I agree with everything that has been stated, but I would stress one thing. Every paper tones differently (even different grades of the same paper, if you are still using graded paper). The toning times are just a start. "Your mileage may vary." Anything stronger than 1:19 and more than 2-1/2 minutes will confer archival permanence. After that you are going for color or density and these are linked with some papers (but not all).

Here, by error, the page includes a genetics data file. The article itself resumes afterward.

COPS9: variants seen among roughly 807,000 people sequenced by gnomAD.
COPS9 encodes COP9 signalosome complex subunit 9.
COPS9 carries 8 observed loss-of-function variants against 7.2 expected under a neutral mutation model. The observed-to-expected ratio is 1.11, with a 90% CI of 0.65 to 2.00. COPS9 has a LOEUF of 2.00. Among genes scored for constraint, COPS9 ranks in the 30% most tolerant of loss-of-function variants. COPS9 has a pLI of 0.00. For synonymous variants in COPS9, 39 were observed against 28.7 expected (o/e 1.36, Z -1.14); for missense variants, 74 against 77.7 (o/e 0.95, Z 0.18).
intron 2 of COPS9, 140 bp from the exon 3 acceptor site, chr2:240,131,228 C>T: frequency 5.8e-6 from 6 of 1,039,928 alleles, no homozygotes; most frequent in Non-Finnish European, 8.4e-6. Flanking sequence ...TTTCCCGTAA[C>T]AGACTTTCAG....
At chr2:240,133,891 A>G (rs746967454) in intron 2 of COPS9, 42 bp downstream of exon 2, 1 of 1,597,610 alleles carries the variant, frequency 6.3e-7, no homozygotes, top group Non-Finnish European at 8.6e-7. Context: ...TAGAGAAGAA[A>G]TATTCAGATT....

You can tone a print long after it has been washed and dried. Pick a work print, tear it in 3rds and try 3, 4, and 5 minutes. If all you see is a firming of the low values and no color shift, great. I you don't like eggplant, you'll know if you have gone too far.
One upon a time there was a paper called Kodabromide, which in Selenium turned the most awesome shade of blackish, greenish, purplish,blackish black....Ah, but that is a story for another time!